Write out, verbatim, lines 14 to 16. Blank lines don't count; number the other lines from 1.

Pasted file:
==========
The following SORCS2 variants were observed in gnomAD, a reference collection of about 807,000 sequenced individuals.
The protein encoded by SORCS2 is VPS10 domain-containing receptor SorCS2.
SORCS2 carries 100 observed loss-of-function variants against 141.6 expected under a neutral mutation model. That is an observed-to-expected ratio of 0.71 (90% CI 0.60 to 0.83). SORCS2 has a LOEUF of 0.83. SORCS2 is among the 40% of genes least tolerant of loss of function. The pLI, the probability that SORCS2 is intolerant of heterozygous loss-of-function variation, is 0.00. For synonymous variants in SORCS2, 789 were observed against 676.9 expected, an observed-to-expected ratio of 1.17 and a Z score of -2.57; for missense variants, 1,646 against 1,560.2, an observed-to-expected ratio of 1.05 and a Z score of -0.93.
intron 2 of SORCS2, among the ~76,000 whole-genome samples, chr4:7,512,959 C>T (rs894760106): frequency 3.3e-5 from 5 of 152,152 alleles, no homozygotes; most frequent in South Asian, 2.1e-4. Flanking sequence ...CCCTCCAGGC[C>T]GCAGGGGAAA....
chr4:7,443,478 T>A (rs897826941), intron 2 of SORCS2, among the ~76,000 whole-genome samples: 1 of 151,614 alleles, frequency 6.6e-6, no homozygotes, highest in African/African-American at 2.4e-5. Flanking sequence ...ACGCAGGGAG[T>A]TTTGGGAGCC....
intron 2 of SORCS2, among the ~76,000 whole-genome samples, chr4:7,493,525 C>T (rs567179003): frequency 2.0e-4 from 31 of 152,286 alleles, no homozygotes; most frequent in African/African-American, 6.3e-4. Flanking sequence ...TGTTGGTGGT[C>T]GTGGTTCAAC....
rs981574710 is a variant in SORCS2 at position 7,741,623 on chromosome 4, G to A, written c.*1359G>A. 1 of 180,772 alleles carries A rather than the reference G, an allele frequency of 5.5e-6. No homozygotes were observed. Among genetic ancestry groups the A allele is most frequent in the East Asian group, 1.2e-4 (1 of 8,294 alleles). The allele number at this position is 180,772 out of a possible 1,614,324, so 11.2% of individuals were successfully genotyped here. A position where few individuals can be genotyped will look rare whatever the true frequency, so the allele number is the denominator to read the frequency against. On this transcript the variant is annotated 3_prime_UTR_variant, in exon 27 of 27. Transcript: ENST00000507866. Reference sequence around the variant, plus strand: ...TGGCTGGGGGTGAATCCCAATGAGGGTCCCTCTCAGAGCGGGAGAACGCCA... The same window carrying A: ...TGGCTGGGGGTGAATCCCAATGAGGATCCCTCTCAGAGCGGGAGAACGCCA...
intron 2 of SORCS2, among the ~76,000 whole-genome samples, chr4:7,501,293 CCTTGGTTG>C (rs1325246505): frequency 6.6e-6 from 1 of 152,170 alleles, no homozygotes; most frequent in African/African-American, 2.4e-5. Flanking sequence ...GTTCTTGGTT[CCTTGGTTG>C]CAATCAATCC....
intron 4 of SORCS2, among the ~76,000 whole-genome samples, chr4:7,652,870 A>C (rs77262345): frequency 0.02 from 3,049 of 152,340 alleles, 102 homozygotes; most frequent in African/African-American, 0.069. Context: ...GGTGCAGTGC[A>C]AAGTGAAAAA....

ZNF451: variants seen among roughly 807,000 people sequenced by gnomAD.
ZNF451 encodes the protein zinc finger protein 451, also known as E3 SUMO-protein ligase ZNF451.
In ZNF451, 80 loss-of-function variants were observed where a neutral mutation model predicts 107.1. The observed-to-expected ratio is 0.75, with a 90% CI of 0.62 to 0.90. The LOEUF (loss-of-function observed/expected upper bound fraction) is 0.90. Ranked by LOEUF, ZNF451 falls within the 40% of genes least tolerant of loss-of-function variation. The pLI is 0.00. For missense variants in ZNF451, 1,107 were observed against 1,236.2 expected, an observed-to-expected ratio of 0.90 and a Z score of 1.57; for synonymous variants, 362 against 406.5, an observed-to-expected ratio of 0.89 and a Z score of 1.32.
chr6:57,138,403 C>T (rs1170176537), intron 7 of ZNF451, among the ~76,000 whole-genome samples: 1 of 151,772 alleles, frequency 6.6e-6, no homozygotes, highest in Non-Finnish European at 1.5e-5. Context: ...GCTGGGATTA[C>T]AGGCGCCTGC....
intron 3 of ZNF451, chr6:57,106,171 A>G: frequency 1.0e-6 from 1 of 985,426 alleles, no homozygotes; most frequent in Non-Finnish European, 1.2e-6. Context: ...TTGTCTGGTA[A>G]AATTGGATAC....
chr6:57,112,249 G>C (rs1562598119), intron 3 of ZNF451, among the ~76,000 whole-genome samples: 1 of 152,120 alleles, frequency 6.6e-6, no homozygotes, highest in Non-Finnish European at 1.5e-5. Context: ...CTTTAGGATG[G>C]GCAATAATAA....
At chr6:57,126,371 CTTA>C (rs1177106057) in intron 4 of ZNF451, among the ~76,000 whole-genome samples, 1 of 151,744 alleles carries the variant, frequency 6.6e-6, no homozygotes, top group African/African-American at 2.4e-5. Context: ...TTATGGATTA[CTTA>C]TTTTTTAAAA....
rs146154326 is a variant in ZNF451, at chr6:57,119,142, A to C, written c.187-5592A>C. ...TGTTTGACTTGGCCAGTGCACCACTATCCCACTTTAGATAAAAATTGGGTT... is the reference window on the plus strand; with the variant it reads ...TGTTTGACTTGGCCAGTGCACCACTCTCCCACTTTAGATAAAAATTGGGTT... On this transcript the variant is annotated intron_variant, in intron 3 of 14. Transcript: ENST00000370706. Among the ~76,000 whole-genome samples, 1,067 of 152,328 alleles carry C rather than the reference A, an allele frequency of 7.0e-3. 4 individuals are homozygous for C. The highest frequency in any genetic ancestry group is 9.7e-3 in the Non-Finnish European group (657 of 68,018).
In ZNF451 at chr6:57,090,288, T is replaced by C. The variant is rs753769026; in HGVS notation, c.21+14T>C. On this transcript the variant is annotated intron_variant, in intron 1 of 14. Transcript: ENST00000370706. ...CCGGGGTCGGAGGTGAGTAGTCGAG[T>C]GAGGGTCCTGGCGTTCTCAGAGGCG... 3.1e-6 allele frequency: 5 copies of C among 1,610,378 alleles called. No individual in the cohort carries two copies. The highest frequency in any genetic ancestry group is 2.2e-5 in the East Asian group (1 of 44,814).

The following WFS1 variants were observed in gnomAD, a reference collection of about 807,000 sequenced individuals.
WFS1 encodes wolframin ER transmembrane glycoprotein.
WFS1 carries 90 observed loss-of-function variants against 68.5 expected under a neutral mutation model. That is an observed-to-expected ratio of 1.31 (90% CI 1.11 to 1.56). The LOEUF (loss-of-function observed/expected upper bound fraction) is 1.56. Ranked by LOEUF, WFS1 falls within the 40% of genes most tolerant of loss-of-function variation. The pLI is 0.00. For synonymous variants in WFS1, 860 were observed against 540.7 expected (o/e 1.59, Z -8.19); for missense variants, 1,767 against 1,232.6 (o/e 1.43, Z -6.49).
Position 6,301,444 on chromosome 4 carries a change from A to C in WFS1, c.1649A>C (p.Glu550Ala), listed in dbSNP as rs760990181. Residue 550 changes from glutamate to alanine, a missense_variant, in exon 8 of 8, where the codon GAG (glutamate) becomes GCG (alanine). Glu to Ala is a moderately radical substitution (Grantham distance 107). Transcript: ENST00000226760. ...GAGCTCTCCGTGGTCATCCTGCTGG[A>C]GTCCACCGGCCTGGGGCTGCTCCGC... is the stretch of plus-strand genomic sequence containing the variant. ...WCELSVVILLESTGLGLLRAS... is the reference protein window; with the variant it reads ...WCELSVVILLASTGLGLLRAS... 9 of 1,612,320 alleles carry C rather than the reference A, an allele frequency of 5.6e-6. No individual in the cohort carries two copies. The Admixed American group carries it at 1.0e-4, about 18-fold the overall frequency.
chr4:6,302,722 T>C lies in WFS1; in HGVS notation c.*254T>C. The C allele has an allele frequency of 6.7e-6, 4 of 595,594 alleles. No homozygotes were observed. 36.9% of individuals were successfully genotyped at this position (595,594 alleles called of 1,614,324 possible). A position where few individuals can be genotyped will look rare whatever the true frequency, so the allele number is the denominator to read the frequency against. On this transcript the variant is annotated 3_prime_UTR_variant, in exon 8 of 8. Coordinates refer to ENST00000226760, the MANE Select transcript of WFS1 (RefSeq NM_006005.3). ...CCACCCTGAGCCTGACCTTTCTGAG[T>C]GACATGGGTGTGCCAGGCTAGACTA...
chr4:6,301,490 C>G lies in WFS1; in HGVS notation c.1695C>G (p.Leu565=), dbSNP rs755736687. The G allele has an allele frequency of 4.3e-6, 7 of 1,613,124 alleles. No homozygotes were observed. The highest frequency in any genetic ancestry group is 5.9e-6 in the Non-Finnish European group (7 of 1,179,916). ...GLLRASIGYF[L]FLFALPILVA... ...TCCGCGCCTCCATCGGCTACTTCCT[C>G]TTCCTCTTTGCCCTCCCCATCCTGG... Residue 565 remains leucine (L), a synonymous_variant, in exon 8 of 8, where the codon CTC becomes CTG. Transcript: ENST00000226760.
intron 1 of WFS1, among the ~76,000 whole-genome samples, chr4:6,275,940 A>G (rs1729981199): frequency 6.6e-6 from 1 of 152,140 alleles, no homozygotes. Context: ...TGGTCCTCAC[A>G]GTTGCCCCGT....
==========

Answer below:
intron 3 of ZNF451, chr6:57,106,171 A>G: frequency 1.0e-6 from 1 of 985,426 alleles, no homozygotes; most frequent in Non-Finnish European, 1.2e-6. Context: ...TTGTCTGGTA[A>G]AATTGGATAC....
chr6:57,112,249 G>C (rs1562598119), intron 3 of ZNF451, among the ~76,000 whole-genome samples: 1 of 152,120 alleles, frequency 6.6e-6, no homozygotes, highest in Non-Finnish European at 1.5e-5. Context: ...CTTTAGGATG[G>C]GCAATAATAA....
At chr6:57,126,371 CTTA>C (rs1177106057) in intron 4 of ZNF451, among the ~76,000 whole-genome samples, 1 of 151,744 alleles carries the variant, frequency 6.6e-6, no homozygotes, top group African/African-American at 2.4e-5. Context: ...TTATGGATTA[CTTA>C]TTTTTTAAAA....